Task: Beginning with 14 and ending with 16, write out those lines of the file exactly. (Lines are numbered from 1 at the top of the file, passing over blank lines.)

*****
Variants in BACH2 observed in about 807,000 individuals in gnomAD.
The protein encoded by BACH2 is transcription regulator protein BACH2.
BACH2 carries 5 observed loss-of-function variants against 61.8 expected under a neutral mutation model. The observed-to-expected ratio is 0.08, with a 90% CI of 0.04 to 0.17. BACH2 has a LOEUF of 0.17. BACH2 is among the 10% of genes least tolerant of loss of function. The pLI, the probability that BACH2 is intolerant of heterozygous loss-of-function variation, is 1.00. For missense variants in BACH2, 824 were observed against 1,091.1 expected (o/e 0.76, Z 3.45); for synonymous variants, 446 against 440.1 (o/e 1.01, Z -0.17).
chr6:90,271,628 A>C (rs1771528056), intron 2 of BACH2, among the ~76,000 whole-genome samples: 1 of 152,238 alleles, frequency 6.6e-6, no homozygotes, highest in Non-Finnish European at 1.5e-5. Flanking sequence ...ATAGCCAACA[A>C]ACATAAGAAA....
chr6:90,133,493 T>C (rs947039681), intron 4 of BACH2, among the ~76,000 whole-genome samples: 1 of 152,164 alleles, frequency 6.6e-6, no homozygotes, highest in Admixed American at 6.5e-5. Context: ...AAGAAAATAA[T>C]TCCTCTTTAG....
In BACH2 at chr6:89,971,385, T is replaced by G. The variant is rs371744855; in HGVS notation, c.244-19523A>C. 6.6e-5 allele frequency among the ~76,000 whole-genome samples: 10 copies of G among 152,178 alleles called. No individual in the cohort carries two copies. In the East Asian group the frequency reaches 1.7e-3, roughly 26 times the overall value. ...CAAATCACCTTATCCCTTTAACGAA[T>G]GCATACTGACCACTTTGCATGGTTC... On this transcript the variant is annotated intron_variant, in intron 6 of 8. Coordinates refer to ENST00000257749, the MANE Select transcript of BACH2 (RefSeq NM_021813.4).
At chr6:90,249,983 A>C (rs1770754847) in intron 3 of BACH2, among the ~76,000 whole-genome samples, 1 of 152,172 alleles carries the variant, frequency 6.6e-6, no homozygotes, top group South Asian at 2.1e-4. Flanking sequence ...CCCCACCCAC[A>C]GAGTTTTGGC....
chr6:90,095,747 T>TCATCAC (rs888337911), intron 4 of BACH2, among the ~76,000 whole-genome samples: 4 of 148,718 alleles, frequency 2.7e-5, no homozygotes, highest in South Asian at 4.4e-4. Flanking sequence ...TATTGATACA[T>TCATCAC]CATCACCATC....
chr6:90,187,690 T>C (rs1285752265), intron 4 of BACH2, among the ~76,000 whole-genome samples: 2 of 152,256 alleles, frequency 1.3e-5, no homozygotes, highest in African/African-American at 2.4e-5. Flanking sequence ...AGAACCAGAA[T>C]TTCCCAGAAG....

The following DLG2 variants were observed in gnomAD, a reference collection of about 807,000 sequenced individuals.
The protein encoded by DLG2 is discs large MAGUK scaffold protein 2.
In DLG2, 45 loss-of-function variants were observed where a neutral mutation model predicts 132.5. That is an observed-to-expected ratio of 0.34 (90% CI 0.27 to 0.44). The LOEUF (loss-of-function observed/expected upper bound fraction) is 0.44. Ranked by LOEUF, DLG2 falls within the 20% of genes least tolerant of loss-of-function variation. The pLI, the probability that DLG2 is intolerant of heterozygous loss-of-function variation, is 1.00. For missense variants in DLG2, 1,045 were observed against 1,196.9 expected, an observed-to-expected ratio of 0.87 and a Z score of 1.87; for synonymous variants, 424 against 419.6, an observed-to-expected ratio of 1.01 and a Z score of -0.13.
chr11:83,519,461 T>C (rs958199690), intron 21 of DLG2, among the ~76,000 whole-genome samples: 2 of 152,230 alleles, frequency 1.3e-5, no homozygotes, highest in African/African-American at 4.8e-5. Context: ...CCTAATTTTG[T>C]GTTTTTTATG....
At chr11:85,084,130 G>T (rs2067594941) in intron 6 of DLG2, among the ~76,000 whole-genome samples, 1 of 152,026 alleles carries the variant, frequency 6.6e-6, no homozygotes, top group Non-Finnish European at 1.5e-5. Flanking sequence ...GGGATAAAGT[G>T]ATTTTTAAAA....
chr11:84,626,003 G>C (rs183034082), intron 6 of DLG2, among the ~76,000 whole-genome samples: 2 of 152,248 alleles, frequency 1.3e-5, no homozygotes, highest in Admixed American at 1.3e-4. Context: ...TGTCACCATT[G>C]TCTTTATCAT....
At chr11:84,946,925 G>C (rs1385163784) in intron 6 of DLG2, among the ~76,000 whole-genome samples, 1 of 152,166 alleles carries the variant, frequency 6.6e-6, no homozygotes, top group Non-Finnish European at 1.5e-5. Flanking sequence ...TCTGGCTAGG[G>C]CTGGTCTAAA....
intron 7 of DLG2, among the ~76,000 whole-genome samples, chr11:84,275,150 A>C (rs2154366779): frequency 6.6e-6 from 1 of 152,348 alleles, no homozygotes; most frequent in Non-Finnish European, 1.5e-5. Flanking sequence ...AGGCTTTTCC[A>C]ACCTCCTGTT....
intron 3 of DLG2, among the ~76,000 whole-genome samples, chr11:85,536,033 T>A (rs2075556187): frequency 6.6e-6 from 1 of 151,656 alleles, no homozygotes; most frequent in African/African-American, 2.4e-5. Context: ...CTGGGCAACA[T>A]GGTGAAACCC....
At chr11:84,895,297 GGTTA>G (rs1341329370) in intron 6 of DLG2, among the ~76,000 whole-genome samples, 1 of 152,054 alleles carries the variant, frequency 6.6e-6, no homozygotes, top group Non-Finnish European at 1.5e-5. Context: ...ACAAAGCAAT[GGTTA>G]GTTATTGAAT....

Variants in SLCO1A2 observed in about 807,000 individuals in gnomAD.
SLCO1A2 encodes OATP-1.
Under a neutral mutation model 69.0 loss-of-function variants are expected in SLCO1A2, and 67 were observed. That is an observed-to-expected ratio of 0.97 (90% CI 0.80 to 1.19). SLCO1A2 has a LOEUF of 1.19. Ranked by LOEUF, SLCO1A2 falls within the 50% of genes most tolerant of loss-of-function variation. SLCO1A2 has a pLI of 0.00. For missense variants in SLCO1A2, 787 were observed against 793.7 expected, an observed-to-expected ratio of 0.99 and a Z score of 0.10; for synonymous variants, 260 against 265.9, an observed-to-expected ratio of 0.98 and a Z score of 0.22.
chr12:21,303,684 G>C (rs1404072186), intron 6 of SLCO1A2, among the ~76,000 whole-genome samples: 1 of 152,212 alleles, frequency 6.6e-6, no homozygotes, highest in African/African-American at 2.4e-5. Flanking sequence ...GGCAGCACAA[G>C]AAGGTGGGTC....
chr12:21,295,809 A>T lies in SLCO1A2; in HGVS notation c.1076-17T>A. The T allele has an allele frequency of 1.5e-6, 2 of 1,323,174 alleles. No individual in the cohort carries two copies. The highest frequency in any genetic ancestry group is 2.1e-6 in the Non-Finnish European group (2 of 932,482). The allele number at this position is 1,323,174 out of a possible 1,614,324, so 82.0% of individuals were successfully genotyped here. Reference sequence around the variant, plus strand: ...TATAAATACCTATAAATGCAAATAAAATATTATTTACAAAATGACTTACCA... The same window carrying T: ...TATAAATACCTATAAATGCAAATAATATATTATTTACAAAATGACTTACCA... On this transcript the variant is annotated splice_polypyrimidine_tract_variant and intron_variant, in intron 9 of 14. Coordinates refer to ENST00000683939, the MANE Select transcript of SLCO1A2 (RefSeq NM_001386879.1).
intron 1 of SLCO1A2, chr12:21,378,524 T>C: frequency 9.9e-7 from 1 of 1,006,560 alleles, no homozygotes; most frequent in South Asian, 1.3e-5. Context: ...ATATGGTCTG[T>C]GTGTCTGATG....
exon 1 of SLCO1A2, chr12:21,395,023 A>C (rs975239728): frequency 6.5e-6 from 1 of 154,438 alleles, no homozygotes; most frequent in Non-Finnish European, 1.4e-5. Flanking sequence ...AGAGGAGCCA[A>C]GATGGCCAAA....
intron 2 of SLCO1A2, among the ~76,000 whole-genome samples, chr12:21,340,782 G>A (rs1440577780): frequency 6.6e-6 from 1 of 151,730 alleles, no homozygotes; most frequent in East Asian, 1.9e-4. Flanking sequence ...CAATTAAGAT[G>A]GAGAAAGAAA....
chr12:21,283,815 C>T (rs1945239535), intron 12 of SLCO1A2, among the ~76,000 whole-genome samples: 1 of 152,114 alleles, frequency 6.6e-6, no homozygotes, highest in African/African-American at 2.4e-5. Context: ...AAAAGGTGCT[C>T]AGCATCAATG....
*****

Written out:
At chr11:85,084,130 G>T (rs2067594941) in intron 6 of DLG2, among the ~76,000 whole-genome samples, 1 of 152,026 alleles carries the variant, frequency 6.6e-6, no homozygotes, top group Non-Finnish European at 1.5e-5. Flanking sequence ...GGGATAAAGT[G>T]ATTTTTAAAA....
chr11:84,626,003 G>C (rs183034082), intron 6 of DLG2, among the ~76,000 whole-genome samples: 2 of 152,248 alleles, frequency 1.3e-5, no homozygotes, highest in Admixed American at 1.3e-4. Context: ...TGTCACCATT[G>C]TCTTTATCAT....
At chr11:84,946,925 G>C (rs1385163784) in intron 6 of DLG2, among the ~76,000 whole-genome samples, 1 of 152,166 alleles carries the variant, frequency 6.6e-6, no homozygotes, top group Non-Finnish European at 1.5e-5. Flanking sequence ...TCTGGCTAGG[G>C]CTGGTCTAAA....